The New Religious Orders

  • Robert Bireley
Part of the European History in Perspective book series (EUROHIP)


Monks, nuns, and friars faced growing criticism in the late Middle Ages and encountered even greater strictures from the Reformers. Yet religious orders were to remain a distinctive feature of the Catholic Church. Indeed, early modern Catholicism experienced not only a revival but a creative adaptation of religious life to the new demands of the sixteenth century. This renewal consisted chiefly in two developments: first, an intensified commitment of religious, that is, members of religious orders or congregations, women as well as men, to new types of pastoral activity as well as to traditional ministries; secondly, in the creation of styles and forms of religious life that facilitated this commitment allowing religious more activity beyond convent walls. There was an effort to find a new synthesis of the contemplative and the active life in the world. As John W. O’Malley has written, ‘Although surely not without its debit side, ministry in the Catholic Church in the 16th and 17th centuries was perhaps the most innovative and exciting in history.’ There took place not ‘simply a “reform of morals”, but a reform of pastoral practice and an immense expansion of its scope’. New religious orders and congregations played the major part in this development, which was little related directly to Trent and Tridentine reforms.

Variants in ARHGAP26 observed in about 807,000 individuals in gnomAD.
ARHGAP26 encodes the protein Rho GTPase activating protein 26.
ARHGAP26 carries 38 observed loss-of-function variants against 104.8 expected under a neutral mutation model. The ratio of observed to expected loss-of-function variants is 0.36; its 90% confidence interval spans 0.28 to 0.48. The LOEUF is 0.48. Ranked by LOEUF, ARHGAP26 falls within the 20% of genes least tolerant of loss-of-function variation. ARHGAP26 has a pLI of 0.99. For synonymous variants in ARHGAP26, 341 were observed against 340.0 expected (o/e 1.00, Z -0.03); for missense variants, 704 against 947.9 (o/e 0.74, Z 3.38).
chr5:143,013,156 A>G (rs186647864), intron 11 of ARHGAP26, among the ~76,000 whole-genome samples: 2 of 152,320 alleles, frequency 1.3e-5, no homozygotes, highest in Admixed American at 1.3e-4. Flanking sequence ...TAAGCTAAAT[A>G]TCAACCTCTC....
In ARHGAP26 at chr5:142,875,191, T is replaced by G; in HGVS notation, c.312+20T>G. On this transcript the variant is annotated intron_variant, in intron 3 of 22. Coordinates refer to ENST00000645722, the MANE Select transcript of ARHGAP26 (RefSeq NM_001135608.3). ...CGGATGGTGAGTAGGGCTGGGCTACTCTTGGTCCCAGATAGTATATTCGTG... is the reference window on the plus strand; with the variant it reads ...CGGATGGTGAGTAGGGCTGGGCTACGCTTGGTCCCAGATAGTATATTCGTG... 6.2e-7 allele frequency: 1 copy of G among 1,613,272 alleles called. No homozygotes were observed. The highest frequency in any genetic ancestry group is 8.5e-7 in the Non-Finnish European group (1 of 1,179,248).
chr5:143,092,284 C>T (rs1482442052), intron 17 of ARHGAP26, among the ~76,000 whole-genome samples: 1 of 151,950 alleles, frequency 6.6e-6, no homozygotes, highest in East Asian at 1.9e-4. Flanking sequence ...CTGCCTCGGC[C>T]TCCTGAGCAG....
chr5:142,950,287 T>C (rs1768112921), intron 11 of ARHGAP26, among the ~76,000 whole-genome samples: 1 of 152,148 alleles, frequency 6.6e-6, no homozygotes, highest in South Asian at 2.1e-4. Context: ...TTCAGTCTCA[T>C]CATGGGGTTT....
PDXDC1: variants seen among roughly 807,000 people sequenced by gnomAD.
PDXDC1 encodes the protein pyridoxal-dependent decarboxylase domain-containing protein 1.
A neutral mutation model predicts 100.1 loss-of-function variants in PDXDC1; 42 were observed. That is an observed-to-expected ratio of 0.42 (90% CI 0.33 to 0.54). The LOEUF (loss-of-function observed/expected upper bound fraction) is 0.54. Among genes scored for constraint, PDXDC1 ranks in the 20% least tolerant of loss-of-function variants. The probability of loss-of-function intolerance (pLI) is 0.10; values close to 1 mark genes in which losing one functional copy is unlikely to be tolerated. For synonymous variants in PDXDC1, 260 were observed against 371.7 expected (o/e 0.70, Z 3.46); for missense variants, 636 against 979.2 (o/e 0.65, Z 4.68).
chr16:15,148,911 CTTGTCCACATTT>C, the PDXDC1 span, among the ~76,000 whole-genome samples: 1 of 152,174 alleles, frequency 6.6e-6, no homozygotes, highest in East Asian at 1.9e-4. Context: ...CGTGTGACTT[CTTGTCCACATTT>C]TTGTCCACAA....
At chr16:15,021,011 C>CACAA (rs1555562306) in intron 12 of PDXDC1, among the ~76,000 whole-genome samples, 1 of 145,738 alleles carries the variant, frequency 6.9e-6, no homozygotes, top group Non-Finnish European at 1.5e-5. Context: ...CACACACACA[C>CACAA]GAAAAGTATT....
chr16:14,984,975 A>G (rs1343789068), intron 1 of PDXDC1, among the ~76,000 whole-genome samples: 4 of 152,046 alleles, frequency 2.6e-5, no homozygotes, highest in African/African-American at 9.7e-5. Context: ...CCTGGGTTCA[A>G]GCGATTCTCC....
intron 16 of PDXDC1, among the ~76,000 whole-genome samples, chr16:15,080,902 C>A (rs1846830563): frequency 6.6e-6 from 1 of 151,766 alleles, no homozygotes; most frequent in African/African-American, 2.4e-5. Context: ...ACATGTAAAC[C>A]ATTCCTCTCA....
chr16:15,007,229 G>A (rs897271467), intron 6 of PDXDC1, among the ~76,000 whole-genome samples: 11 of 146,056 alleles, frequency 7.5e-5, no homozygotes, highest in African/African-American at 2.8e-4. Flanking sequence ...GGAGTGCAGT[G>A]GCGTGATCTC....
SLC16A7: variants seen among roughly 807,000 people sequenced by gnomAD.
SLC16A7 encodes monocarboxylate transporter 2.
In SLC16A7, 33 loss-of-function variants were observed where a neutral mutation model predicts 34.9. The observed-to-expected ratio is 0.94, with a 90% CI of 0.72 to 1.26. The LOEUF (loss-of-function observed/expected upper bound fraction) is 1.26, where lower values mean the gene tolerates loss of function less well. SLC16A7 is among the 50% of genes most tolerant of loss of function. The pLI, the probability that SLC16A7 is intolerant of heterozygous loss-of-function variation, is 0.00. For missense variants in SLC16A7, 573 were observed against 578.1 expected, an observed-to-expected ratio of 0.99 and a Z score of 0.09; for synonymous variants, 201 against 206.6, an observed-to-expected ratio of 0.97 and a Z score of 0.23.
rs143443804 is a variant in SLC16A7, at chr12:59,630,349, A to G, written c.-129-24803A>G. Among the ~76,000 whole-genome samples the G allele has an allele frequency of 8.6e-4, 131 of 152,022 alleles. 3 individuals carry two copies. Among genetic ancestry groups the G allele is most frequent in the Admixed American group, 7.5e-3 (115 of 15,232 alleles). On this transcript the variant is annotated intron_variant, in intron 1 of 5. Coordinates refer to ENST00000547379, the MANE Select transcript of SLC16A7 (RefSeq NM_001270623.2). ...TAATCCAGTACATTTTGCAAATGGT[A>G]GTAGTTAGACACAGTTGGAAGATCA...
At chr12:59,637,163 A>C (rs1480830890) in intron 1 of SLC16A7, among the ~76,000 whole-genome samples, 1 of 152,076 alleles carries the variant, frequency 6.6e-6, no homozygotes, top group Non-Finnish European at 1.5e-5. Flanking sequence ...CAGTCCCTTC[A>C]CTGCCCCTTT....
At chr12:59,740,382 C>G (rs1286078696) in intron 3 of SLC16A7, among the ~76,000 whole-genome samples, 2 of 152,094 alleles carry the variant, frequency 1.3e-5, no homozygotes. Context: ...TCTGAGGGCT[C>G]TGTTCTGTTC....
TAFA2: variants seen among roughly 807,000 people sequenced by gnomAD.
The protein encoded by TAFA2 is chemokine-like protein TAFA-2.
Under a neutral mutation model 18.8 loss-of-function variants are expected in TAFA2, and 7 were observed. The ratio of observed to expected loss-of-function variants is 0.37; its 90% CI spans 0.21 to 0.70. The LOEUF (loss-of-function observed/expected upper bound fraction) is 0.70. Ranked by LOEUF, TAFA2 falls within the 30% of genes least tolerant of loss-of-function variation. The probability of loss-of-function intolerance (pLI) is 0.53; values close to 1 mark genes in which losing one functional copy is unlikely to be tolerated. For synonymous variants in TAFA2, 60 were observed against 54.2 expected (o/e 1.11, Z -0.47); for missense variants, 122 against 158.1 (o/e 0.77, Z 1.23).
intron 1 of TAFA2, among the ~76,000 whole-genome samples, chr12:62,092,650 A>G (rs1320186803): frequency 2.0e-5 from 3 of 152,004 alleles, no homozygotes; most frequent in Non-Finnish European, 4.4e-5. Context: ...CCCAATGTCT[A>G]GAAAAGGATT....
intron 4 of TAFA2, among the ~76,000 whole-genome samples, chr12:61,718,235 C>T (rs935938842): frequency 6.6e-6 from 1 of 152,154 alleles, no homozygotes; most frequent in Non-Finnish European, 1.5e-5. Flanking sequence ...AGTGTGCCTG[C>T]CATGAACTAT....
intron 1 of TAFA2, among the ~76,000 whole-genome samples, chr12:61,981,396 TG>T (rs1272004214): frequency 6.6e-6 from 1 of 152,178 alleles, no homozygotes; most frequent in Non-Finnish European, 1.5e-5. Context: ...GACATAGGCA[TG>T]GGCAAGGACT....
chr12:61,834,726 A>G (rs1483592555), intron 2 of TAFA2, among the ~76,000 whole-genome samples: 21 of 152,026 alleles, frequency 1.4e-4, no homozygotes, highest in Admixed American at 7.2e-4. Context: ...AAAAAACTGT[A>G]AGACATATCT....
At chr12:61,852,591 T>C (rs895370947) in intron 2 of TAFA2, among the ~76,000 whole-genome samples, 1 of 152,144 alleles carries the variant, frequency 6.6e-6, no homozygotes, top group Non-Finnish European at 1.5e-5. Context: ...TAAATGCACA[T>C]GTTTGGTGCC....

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  1. 3.
    An English translation of Regimini Militantis Ecclesiae, the papal bull of 27 September 1540 establishing the Society of Jesus, is found in John Olin, The Catholic Reformation: Savonarola to Ignatius Loyola: Reform in the Church, 1495–1540 (New York: Harper and Row, 1969), pp. 203–8.Google Scholar

Copyright information

© Robert Bireley, SJ 1999

Authors and Affiliations

  • Robert Bireley
    • 1
  1. 1.Loyola University ChicagoUSA

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